Blessed John Paul II on marriage

Parents of Karol Wojtyla
Pope John Paul II defines marriage in light of the Triune God as the primary point of understanding communion of persons. The self-giving and self-sacrifice that constitutes this communion of persons is not derived from the philosophy of Aristotle. Life long fidelity in marriage and openness to procreation are not derived from Aristotle, but from the covenantal relationship between the husband and wife. The highest purpose for procreation, according to Aristotle, is to perpetuate the species as an imitation of the eternal being of the separate substance: in De Anima Aristotle said, “the most natural act is the production of another like itself, an animal producing an animal, a plant a plant, in order that, as far as its nature allows, it may partake in the eternal and divine. . . . Since then no living thing is able to partake in what is eternal and divine by uninterrupted continuance (for nothing perishable can for ever remain one and the same), it tries to achieve that end in the only way possible to it,  . . . so it remains not indeed as the self-same individual but continues its existence in something like itself-not numerically but specifically one.”
John Paul II discovers the authentic meaning of the sexual union of male and female, neither in sheer perpetuation of the species (as in Aristotle), nor the expression of personal affection or self-identity (as in contemporary liberalism), but in self-giving and communion.
Here is his definition in Familiaris consortio:

God created man in His own image and likeness: calling him to existence through love, He called him at the same time for love. God is love and in Himself He lives a mystery of personal loving communion. Creating the human race in His own image and continually keeping it in being, God inscribed in the humanity of man and woman the vocation, and thus the capacity and responsibility, of love and communion. Love is therefore the fundamental and innate vocation of every human being.

As an incarnate spirit, that is a soul which expresses itself in a body and a body informed by an immortal spirit, man is called to love in his unified totality. Love includes the human body, and the body is made a sharer in spiritual love.

Consequently, sexuality, by means of which man and woman give themselves to one another through the acts which are proper and exclusive to spouses, is by no means something purely biological, but concerns the innermost being of the human person as such. It is realized in a truly human way only if it is an integral part of the love by which a man and a woman commit themselves totally to one another until death. The total physical self-giving would be a lie if it were not the sign and fruit of a total personal self-giving, in which the whole person, including the temporal dimension, is present: if the person were to withhold something or reserve the possibility of deciding otherwise in the future, by this very fact he or she would not be giving totally.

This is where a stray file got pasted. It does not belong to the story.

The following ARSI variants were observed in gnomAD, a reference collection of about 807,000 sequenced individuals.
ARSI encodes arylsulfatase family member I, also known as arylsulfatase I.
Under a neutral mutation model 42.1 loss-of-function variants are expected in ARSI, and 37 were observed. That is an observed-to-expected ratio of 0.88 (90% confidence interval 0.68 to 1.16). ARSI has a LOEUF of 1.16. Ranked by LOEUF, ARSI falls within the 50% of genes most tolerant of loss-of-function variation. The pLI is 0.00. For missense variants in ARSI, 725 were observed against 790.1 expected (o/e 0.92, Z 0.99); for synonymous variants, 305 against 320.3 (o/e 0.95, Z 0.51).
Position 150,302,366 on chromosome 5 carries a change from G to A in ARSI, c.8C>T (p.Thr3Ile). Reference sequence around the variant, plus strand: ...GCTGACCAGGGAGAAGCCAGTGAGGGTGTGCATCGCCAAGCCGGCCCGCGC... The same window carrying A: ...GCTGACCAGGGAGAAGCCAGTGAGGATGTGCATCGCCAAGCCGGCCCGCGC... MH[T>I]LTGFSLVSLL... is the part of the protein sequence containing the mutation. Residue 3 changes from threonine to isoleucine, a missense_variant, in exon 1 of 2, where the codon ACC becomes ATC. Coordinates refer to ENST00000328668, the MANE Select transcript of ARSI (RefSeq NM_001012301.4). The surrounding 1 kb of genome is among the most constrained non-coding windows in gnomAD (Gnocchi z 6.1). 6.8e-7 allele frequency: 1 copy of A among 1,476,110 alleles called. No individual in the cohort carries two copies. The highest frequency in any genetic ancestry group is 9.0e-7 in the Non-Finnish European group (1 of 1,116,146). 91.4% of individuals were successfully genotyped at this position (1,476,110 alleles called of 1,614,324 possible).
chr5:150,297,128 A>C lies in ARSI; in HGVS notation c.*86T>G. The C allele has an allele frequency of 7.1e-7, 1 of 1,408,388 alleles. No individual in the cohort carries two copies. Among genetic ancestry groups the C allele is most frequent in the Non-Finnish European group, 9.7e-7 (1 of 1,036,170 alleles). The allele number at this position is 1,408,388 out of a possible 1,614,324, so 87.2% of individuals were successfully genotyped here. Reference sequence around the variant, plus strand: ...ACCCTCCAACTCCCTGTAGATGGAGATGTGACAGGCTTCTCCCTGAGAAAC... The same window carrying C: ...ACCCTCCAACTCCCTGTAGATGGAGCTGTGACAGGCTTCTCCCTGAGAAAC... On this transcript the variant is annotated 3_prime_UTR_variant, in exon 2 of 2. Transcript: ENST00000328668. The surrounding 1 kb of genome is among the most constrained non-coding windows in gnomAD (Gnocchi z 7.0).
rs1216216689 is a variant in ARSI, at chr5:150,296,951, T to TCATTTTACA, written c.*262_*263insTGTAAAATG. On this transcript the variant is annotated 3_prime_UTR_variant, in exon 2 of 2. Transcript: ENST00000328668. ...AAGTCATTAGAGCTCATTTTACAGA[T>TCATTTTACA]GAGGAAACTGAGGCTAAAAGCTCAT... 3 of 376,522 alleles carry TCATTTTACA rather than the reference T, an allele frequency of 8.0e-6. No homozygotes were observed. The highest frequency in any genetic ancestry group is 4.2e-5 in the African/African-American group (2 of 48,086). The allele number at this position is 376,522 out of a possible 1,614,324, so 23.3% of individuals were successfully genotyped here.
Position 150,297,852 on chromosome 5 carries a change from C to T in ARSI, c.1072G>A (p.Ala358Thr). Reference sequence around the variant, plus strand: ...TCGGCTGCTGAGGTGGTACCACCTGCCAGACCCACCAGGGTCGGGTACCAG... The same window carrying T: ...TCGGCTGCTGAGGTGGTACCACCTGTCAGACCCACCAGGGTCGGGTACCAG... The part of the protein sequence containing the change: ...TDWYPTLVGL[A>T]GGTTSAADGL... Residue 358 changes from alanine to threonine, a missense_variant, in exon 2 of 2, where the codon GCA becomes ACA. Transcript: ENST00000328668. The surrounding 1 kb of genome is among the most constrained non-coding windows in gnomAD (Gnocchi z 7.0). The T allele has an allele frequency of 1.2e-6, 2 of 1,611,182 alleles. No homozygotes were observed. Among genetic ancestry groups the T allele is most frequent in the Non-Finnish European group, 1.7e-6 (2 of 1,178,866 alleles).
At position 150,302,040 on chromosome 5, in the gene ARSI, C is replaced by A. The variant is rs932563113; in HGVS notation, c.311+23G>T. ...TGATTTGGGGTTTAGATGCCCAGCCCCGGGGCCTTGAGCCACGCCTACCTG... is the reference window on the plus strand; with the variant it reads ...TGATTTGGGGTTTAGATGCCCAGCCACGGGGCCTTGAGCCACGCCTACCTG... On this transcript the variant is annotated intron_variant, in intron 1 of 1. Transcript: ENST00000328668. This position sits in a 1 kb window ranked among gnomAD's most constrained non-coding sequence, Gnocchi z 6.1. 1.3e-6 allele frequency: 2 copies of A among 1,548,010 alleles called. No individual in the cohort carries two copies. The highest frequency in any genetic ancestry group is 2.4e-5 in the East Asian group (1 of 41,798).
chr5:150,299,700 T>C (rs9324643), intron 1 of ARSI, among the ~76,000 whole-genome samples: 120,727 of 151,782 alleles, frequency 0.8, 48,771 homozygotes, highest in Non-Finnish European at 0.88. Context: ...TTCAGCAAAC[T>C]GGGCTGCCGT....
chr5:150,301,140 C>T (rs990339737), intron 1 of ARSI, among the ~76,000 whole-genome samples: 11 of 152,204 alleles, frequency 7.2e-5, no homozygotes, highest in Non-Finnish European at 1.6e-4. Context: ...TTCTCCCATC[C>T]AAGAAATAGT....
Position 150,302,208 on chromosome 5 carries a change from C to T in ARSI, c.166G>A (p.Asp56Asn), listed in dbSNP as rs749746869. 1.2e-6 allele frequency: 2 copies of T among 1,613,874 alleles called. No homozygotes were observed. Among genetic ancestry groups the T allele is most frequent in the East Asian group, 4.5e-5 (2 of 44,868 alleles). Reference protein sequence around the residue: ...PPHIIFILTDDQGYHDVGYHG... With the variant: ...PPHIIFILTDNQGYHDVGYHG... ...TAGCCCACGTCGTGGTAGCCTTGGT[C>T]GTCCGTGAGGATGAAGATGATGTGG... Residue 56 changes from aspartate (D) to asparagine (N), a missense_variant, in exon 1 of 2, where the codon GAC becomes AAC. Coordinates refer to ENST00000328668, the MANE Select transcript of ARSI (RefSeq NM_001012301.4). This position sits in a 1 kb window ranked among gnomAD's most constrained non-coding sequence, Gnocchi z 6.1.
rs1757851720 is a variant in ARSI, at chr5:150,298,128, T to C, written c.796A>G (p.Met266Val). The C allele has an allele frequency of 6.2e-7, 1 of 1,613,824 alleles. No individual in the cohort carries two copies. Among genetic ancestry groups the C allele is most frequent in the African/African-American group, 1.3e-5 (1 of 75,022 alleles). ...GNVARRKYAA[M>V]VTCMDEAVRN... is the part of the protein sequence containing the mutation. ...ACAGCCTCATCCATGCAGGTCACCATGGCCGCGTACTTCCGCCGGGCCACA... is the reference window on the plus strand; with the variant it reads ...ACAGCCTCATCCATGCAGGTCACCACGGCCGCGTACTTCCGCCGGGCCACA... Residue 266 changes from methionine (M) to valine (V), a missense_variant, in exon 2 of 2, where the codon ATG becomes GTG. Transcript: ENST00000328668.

This totality which is required by conjugal love also corresponds to the demands of responsible fertility. This fertility is directed to the generation of a human being, and so by its nature it surpasses the purely biological order and involves a whole series of personal values. For the harmonious growth of these values a persevering and unified contribution by both parents is necessary.

The only “place” in which this self-giving in its whole truth is made possible is marriage, the covenant of conjugal love freely and consciously chosen, whereby man and woman accept the intimate community of life and love willed by God Himself which only in this light manifests its true meaning. The institution of marriage is not an undue interference by society or authority, nor the extrinsic imposition of a form. Rather it is an interior requirement of the covenant of conjugal love which is publicly affirmed as unique and exclusive, in order to live in complete fidelity to the plan of God, the Creator. A person’s freedom, far from being restricted by this fidelity, is secured against every form of subjectivism or relativism and is made a sharer in creative Wisdom.  Familiaris consortio §11

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1 Comment
  1. I have been reading Wendell Berry's essay, "Sex, Economy, Freedom, and Community" an he seems to be of the same mind as Bl. JPII on the sacramental (he uses this term specifically) nature of marriage. Berry is a Protestant but there is much for ecumenical dialogue here. Given his commitment to a rightly ordered ecology I think one could even begin a dialogue on contraception (particularly artificial but not limited to that)from ecological standpoint, properly understood.

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